It also means acknowledging that there’s a lot of pressure on teens to become sexually active. Roffman says that you can help your kids develop confidence in their decision-making by thinking through with them “potentially sex-charged situations.” Ask them if they like the other person, why, and how they would feel if certain things happen or don’t happen. John Chirban, author of How to Talk with Your Kids About Sex, says that teens don’t have to share their answers:

“Simply plant the ideas so that they’ll carefully consider their actions and their consequences.”

Eventually, my daughter understood that neither she nor her sister had ever actually been in an egg. Since her sister was born, I have more clearly explained the whole sperm-and-egg thing, including how the sperm “got in there.” There are years of conversations ahead before I give her advice on her sex life. But I’m laying the groundwork by discussing the plumbing and wiring, as well as my own beliefs on the issues. I have told her, for example, that I think she should know someone really well and even live with him or her before she gets married (which shouldn’t happen until she’s at least 30) and that even though teens can have babies, I don’t think they’re ready to be parents. I’ve also explained why I don’t approve of triangle-top bikinis or high-heeled shoes for 6-year-olds, why we switched dance schools, and why she is not getting a bra right now even if Target makes one in her size.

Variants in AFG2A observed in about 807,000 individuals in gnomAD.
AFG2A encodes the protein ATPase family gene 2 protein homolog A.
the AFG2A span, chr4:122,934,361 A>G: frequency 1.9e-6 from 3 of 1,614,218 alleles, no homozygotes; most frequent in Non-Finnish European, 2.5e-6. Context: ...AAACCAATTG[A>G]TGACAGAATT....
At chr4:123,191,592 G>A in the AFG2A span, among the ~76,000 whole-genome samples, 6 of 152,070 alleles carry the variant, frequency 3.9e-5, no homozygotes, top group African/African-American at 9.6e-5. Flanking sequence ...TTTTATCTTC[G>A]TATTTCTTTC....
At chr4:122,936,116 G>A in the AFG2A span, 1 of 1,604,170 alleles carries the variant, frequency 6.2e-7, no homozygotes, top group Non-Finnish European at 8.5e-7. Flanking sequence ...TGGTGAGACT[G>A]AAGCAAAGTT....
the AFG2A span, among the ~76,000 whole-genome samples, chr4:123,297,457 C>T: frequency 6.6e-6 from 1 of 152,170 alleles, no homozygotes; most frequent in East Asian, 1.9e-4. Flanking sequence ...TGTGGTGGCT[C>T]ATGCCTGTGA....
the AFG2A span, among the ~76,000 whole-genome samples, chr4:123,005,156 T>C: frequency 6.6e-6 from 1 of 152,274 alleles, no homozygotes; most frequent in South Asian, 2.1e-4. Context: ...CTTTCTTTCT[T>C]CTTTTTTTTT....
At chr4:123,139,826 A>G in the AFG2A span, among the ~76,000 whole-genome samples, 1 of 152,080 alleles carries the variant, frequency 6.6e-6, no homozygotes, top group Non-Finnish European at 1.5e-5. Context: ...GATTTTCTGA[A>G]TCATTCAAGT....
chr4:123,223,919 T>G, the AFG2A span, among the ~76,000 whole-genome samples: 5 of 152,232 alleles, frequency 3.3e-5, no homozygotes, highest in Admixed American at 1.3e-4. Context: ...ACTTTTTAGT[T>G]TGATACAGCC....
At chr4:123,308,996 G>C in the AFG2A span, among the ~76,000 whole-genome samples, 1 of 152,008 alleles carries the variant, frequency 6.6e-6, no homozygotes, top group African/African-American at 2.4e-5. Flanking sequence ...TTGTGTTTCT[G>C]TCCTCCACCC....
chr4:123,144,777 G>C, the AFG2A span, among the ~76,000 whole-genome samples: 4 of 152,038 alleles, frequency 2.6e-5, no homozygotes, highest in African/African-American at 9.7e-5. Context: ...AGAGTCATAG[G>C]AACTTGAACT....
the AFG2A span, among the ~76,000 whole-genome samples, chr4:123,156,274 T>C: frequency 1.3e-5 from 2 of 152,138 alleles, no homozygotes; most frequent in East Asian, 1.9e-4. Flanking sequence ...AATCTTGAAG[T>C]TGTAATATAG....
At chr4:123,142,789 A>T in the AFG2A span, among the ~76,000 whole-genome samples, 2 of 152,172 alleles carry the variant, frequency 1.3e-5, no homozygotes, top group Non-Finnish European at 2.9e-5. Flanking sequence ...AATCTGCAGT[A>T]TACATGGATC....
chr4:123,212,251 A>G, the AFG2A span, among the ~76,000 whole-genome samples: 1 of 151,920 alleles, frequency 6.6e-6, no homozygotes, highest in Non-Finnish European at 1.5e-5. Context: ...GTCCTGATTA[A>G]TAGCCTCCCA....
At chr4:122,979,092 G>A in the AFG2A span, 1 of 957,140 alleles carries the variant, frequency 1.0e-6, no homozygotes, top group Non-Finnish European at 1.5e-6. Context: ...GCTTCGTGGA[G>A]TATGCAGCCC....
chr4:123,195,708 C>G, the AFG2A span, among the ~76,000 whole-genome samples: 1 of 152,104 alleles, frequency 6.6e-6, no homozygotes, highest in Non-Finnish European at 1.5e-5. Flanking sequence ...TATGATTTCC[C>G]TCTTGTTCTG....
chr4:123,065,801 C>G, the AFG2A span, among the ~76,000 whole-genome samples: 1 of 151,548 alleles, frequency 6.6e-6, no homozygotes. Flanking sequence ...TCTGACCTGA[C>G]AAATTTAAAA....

But this study reinforces the importance of ongoing conversations on these issues. It also reminds me that I need to  repeatedly check in to see what she’s thinking and what she thinks I’m thinking, because sometimes life is like a game of telephone.